Minorities make up a greater portion of the U.S. population than ever before. From 2000 to 2010, both the Asian and Hispanic or Latino populations grew by 43 percent while the number of non-Hispanic whites fell from 69 to 64 percent of the country’s population. If this trend continues, the term “minority” may soon no longer apply. By 2042, minorities are expected to account for more than half of the U.S. population.
Despite this consistent growth, minorities are still underrepresented in engineering education. The lack of minorities with college degrees in engineering has plagued the industry for years, leading to an undiversified workforce. Nearly 1,135,000 employed engineers are Caucasian, compared to just 56,000 African-American engineers and 101,000 Hispanic or Latino engineers.
Many in the industry have argued action must be taken early on in order to help reverse this trend. A student’s passion for engineering must be ignited well before he or she ever sets foot on a college campus.
Frequent exposure to STEM subjects through hands-on learning opportunities is crucial to fueling a student’s interest in engineering throughout high school and beyond. Economic restraints, however, can often lead to an absence of specialized programs that can better equip students with the practical experience and knowledge they need to be successful. As a result, many disadvantaged minority students are unable to sharpen their STEM skills or pursue a career in engineering.
The National Assessment of Educational Progress – the largest continuing and nationally representative assessment of American students’ knowledge in various subject areas – found that African-American public school students rate lower than their peers in science at the fourth, eighth and 12th grade levels. In both elementary and secondary education institutions, students from minority groups are falling behind.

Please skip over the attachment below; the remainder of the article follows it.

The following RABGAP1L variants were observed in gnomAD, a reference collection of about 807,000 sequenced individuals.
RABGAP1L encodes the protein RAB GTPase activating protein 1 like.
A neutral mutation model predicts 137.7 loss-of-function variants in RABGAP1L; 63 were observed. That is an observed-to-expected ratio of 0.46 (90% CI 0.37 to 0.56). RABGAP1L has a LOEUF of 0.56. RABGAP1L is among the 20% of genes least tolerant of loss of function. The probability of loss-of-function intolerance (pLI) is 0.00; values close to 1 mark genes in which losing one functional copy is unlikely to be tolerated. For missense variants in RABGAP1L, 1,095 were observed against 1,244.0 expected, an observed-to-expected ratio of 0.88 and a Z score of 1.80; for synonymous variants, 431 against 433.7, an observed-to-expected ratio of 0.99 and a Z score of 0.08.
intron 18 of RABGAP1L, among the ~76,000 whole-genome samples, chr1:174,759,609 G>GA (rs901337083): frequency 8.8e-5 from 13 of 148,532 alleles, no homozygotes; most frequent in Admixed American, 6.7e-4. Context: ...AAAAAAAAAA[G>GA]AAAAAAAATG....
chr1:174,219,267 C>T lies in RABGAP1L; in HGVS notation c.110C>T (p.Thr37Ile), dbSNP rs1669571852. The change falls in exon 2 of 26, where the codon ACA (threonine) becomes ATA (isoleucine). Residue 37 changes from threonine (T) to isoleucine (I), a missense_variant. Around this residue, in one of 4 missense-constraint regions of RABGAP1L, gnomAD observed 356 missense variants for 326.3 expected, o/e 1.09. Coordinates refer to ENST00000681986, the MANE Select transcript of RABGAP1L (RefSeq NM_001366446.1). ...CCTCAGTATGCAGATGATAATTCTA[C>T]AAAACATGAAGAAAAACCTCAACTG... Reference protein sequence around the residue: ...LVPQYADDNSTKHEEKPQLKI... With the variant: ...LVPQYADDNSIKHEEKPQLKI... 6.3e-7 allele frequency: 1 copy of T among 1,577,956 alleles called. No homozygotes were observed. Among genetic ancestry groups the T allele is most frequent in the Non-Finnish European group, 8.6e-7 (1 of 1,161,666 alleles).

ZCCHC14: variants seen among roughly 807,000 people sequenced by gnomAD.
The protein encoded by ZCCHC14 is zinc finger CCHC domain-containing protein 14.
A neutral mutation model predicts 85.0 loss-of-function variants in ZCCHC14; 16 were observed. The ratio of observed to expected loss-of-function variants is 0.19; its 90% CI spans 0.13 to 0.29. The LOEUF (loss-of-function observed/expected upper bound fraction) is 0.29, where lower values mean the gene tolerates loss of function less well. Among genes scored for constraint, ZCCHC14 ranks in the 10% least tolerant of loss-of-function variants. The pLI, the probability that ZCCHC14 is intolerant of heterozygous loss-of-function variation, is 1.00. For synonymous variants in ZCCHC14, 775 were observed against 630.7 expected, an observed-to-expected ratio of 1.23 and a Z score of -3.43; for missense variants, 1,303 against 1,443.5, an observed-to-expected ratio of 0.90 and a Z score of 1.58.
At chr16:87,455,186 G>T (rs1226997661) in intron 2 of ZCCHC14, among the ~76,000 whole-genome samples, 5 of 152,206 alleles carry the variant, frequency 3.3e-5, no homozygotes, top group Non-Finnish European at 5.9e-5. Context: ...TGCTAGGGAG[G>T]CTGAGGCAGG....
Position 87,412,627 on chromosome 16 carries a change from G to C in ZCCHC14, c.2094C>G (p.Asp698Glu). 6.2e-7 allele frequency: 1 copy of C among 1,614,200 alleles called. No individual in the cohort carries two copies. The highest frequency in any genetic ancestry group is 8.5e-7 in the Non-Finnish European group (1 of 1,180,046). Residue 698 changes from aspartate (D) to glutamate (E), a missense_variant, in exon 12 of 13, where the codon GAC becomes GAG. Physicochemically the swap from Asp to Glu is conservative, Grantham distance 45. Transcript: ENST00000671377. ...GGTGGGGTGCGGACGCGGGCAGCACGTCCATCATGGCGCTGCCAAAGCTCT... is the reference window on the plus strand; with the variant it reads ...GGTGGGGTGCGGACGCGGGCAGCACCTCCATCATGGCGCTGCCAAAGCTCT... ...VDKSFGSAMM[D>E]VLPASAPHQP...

Educating Tomorrow’s Engineers
One legislator is taking action. Paul Tonko, a U.S. representative from New York’s 20th congressional district, is spearheading a bill called “Educating Tomorrow’s Engineers.” If passed, the bill will require states to incorporate engineering design skills and practices into their academic content standards in science by the 2016-2017 school year. It will also provide funding for STEM subject areas, specifically engineering and computer science.
But perhaps most importantly, it will enable local educational agencies to allocate funds toward professional development in engineering, giving aspiring engineers the opportunity to explore their career interests while developing valuable skills. In February 2015 the bill was assigned to a congressional committee where it will be reviewed before moving to the House or Senate.
Integrating Engineering and Literacy
In engineering, education is action. The Integrating Engineering Literacy (IEL) project favors practice over theory, driven by the goal to create and refine a curriculum model that introduces engineering design challenges to young students.
Researchers at Tufts University first launched the program in September 2010 to better understand the effectiveness of interdisciplinary methods that combine literature with engineering activities. Since that time, the IEL project has spent more than $3 million testing professional development models that educate students in grades 3-5 on engineering concepts using stories in popular children’s literature. The project not only offers thousands of elementary school students the chance to learn about engineering at an early age, but it also provides researchers with insights that help shape and improve engineering education – and ultimately employment – moving forward.
This is Part I in a three-part series on the state of minorities in engineering. Read Part II and Part III, and download a full copy of the Minorities in Engineering insights report to learn more.